Inhibition of biofilm formations by CNE
Quantification of biofilm formation
Biofilm formation was assessed as previously described by Krzysciak with some modifications.19 About 1.8 mL portions of an overnight broth culture containing S. mutans strains (106 CFU/mL) were added to each well of 24-well tissue culture plates and treated individually with 0.2 mL of CNE and CHX (with 0.2 μg/mL of CNE). The plates were incubated aerobically for 48 hours. The supernatant was subsequently removed, and the wells were gently washed twice with sterilized distilled water. Attached bacteria were fixed with 1 mL of methanol per well for 15 minutes. The microplates were subsequently emptied and air dried. Each well was stained for 15 minutes with 0.2 mL of 0.1% (w/w) crystal violet. Excess stain was rinsed off by placing the microplates under running tap water. The microplates were air dried, and the dye bound to the adherent cells was removed with 0.2 mL of 30% (v/v) glacial acetic acid per well. The OD of the resulting solutions was read at 595 nm using a microplate reader.
Observation of surface structures of biofilm formation by SEM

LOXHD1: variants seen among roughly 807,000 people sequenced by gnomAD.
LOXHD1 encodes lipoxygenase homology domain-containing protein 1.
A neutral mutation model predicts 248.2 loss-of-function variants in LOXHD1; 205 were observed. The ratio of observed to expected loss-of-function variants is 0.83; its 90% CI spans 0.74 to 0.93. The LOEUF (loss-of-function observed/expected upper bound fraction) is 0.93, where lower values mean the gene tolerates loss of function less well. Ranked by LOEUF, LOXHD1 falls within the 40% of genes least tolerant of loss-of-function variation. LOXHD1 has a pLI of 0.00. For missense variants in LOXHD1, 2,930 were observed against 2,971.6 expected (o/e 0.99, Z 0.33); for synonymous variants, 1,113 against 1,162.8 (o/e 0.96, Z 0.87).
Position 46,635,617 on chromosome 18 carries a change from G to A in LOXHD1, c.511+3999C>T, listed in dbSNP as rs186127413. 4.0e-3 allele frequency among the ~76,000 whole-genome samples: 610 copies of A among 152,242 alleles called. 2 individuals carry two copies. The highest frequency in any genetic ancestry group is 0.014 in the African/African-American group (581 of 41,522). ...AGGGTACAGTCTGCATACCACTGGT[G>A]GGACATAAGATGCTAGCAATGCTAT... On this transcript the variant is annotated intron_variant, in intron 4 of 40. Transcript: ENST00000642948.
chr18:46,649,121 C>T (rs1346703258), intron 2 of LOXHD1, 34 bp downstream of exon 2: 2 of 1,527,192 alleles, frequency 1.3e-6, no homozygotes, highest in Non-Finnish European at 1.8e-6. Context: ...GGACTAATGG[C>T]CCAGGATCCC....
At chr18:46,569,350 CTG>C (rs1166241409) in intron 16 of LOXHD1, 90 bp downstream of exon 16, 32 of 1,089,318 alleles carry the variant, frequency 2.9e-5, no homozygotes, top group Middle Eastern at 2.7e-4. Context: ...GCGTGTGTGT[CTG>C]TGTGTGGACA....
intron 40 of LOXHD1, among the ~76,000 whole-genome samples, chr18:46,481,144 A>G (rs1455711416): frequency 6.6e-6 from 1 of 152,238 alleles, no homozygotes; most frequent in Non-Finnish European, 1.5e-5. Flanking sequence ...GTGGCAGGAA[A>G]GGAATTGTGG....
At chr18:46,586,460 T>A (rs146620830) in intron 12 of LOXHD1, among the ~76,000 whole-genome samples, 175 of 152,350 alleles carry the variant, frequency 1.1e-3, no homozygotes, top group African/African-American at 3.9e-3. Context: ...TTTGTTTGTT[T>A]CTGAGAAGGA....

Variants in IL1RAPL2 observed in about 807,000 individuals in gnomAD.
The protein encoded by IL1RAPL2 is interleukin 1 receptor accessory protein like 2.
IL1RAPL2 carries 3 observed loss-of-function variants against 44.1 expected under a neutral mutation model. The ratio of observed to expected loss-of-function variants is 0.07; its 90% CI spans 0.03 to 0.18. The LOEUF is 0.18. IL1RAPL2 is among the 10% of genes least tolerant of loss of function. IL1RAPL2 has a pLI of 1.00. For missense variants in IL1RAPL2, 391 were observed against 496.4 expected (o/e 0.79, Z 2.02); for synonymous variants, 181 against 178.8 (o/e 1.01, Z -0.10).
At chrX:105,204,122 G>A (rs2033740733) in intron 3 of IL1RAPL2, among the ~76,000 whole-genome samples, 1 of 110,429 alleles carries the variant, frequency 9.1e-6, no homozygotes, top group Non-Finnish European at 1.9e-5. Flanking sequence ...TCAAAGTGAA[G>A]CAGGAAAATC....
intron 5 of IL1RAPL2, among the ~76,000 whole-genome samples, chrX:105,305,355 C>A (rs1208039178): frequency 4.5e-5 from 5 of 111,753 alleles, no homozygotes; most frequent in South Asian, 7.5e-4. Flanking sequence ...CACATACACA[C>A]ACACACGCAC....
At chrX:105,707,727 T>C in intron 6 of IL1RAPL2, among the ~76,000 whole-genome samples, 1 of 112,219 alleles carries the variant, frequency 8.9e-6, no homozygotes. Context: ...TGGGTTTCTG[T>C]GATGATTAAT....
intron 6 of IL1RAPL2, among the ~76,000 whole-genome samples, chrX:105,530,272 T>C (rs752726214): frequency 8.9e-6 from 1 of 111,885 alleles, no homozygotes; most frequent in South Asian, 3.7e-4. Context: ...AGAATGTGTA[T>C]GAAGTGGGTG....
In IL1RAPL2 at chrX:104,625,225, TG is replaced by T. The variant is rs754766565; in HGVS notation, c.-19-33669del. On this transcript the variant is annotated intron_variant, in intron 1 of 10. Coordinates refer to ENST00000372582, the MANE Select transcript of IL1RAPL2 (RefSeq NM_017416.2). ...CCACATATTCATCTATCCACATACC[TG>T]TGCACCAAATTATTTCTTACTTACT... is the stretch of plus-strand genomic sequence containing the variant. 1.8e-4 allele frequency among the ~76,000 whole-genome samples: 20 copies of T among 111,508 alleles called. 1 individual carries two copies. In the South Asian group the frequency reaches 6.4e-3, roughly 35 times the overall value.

A 1.8 mL portion of an overnight broth culture containing S. mutans strains (106 CFU/mL) was added to each well of 24-well tissue culture plates and subsequently treated individually with 0.2 mL of CNE and CHX (with 0.2 μg/mL of CNE). Coverslips (Thermo, Rochester, NY, USA) were previously placed in each well. The plates were incubated aerobically for 48 hours. After withdrawing the supernatant medium, the biofilms were air dried and treated overnight with 2 mL of 2.5% glutaraldehyde solution for fixation. After fixation, the biofilms were dehydrated in a graded series (ie, 10%, 30%, 50%, 70%, 90%, and 100%) of ethanol and a graded series (ie, 10%, 30%, 50%, 70%, 90%, and 100%) of isobutyl alcohol. Instead of a critical point dryer, the biofilms were treated with 100% hexamethyldisilazane for 10 minutes and coated with gold. The specimens were observed by a scanning electron microscope (AMRAY1000 B; Amray Inc., Bedford, MA, USA).